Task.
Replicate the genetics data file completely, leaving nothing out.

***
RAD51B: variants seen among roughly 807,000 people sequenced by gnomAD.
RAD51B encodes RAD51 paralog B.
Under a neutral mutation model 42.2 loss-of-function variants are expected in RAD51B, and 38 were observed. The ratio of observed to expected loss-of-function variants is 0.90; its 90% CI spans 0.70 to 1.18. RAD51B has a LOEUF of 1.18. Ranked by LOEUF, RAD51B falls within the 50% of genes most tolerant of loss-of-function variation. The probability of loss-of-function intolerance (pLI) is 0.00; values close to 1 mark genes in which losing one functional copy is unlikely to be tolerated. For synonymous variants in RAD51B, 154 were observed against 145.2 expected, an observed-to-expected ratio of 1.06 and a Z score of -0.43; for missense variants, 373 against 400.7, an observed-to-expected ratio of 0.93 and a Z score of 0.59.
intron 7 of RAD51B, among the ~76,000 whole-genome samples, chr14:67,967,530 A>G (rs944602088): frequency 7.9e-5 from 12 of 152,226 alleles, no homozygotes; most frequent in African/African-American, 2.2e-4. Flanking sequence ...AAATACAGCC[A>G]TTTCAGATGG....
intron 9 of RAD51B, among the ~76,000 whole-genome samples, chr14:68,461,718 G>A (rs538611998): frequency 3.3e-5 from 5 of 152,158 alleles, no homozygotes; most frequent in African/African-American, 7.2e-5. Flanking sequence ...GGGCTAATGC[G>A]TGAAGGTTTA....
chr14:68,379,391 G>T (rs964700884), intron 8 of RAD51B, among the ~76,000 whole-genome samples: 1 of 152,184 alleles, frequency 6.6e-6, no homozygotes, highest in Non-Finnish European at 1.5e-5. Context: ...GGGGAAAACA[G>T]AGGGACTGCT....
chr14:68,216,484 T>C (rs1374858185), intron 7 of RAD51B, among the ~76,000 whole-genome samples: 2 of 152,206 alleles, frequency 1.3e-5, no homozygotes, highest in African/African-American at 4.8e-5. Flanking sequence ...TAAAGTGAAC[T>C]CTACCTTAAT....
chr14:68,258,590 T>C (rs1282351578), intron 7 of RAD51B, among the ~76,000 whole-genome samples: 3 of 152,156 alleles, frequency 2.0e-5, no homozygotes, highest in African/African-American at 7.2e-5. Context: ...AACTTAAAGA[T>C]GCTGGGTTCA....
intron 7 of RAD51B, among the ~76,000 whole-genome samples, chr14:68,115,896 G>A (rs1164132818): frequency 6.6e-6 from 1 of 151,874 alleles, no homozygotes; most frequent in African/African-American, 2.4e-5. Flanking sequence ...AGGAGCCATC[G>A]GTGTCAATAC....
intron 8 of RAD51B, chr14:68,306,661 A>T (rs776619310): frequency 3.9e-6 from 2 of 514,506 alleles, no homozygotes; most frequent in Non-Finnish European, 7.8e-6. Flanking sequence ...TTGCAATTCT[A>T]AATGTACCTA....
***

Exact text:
RAD51B: variants seen among roughly 807,000 people sequenced by gnomAD.
RAD51B encodes RAD51 paralog B.
Under a neutral mutation model 42.2 loss-of-function variants are expected in RAD51B, and 38 were observed. The ratio of observed to expected loss-of-function variants is 0.90; its 90% CI spans 0.70 to 1.18. RAD51B has a LOEUF of 1.18. Ranked by LOEUF, RAD51B falls within the 50% of genes most tolerant of loss-of-function variation. The probability of loss-of-function intolerance (pLI) is 0.00; values close to 1 mark genes in which losing one functional copy is unlikely to be tolerated. For synonymous variants in RAD51B, 154 were observed against 145.2 expected, an observed-to-expected ratio of 1.06 and a Z score of -0.43; for missense variants, 373 against 400.7, an observed-to-expected ratio of 0.93 and a Z score of 0.59.
intron 7 of RAD51B, among the ~76,000 whole-genome samples, chr14:67,967,530 A>G (rs944602088): frequency 7.9e-5 from 12 of 152,226 alleles, no homozygotes; most frequent in African/African-American, 2.2e-4. Flanking sequence ...AAATACAGCC[A>G]TTTCAGATGG....
intron 9 of RAD51B, among the ~76,000 whole-genome samples, chr14:68,461,718 G>A (rs538611998): frequency 3.3e-5 from 5 of 152,158 alleles, no homozygotes; most frequent in African/African-American, 7.2e-5. Flanking sequence ...GGGCTAATGC[G>A]TGAAGGTTTA....
chr14:68,379,391 G>T (rs964700884), intron 8 of RAD51B, among the ~76,000 whole-genome samples: 1 of 152,184 alleles, frequency 6.6e-6, no homozygotes, highest in Non-Finnish European at 1.5e-5. Context: ...GGGGAAAACA[G>T]AGGGACTGCT....
chr14:68,216,484 T>C (rs1374858185), intron 7 of RAD51B, among the ~76,000 whole-genome samples: 2 of 152,206 alleles, frequency 1.3e-5, no homozygotes, highest in African/African-American at 4.8e-5. Flanking sequence ...TAAAGTGAAC[T>C]CTACCTTAAT....
chr14:68,258,590 T>C (rs1282351578), intron 7 of RAD51B, among the ~76,000 whole-genome samples: 3 of 152,156 alleles, frequency 2.0e-5, no homozygotes, highest in African/African-American at 7.2e-5. Context: ...AACTTAAAGA[T>C]GCTGGGTTCA....
intron 7 of RAD51B, among the ~76,000 whole-genome samples, chr14:68,115,896 G>A (rs1164132818): frequency 6.6e-6 from 1 of 151,874 alleles, no homozygotes; most frequent in African/African-American, 2.4e-5. Flanking sequence ...AGGAGCCATC[G>A]GTGTCAATAC....
intron 8 of RAD51B, chr14:68,306,661 A>T (rs776619310): frequency 3.9e-6 from 2 of 514,506 alleles, no homozygotes; most frequent in Non-Finnish European, 7.8e-6. Flanking sequence ...TTGCAATTCT[A>T]AATGTACCTA....